Most people spend much of their working lives saving for their future. Yet, after so many years of being disciplined about saving, many of my clients are uncertain how to allocate their hard-earned nest eggs once in retirement. As a financial advisor, I have found that there are two primary reasons for this.
First, they are concerned they will run out of money. Second, they are suddenly transformed into spenders of assets, while no longer bringing in additional earnings from a paycheck. Both of these factors can certainly require some adjustment. To help you get there, here are four tips that can help you wisely manage your savings in retirement.
Create a realistic spending plan. I work with my clients to create plans to help them reach retirement, but it's just as important to establish a plan for living through retirement. There's a balance to strike here — you don't want to run out of your savings too quickly, but you also don't want to miss out on the opportunity to enjoy this time in your life. It's important to be realistic about how you spend, as you'll want to be able to manage it properly. At other phases in life, you might think of this concept as a budget, but, in retirement, try to think about it as a spending plan. The difference here is that you no longer have a steady paycheck to support your expenses.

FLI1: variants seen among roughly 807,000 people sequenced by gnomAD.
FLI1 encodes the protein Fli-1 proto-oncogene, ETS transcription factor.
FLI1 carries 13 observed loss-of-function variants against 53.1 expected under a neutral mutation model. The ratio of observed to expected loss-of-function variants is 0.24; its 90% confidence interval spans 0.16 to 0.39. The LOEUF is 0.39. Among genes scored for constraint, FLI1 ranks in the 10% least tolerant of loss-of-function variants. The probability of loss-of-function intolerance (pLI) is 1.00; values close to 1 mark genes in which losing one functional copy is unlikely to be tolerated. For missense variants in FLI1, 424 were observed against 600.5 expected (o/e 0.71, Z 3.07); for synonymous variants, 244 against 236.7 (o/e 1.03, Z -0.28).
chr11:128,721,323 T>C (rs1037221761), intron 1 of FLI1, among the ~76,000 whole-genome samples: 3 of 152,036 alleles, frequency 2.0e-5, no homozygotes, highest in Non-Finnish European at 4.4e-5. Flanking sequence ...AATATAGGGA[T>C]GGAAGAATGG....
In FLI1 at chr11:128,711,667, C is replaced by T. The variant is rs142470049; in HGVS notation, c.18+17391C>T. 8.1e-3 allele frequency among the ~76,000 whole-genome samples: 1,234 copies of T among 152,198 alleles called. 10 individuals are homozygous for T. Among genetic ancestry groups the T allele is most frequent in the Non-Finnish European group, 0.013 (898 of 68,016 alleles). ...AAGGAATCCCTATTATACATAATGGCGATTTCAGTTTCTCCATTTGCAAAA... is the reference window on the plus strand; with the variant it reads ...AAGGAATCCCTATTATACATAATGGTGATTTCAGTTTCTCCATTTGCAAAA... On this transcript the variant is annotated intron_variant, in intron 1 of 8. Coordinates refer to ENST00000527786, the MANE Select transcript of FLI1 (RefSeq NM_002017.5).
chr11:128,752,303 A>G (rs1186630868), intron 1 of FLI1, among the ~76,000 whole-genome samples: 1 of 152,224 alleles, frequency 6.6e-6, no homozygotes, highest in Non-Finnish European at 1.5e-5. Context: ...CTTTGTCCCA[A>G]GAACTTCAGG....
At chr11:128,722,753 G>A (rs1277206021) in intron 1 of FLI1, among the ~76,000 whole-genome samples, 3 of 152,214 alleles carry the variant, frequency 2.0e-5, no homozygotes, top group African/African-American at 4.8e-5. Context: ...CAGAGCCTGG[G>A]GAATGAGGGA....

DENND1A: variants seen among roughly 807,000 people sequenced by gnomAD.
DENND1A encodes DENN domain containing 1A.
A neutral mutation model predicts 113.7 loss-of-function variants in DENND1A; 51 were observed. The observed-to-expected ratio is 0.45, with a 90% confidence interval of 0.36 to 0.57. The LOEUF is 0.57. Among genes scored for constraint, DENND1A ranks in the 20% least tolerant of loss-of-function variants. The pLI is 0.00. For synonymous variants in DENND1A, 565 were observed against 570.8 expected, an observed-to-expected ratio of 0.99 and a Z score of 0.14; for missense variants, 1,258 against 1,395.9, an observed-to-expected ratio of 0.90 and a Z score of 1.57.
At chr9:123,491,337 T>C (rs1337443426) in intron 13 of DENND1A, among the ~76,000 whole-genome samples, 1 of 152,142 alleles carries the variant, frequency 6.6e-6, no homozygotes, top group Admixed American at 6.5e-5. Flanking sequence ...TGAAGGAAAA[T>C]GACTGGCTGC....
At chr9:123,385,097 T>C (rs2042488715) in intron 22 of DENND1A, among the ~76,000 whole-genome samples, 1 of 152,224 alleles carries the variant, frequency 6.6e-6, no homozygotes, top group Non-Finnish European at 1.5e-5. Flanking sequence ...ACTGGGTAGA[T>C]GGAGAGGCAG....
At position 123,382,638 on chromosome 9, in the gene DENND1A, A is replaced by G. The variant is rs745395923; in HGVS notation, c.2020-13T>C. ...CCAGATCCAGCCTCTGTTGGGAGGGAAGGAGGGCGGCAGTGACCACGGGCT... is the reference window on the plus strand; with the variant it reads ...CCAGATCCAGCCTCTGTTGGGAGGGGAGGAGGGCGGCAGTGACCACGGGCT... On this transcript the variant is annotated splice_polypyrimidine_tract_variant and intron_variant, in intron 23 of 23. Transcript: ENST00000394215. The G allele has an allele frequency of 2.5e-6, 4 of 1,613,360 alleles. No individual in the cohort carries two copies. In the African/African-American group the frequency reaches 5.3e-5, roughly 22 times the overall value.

Allocating your expenses into needs, goals and aspirations can help to provide a better framework for managing your cash flow and living comfortably. To do this, itemizing is an important step. No different than what you would do at other phases of your life, you'll need to budget your daily living expenses such as housing, utilities, food and health care. Next, consider goals and aspirations, which might include travel, family visits, hobbies or even larger purchases such as new automobiles or a second home. You might also wish to make charitable donations or leave a legacy for your family. Be sure to prioritize according to what is most important to you.
Determine a withdrawal strategy that's right for you. Once you have your spending plan, you'll want to figure out how to draw down from your assets. This is where it can get a little more tactical. To start, I find it's helpful for many of my clients to have a "bucket" of guaranteed income consisting of Social Security, pensions or annuities. This could cover needs such as housing, food and utilities. Allocating your funds to these necessitates can provide a sense of financial security knowing that you'll still be able to pay for life's basic necessities, even if you spend money for travel or non-essential items.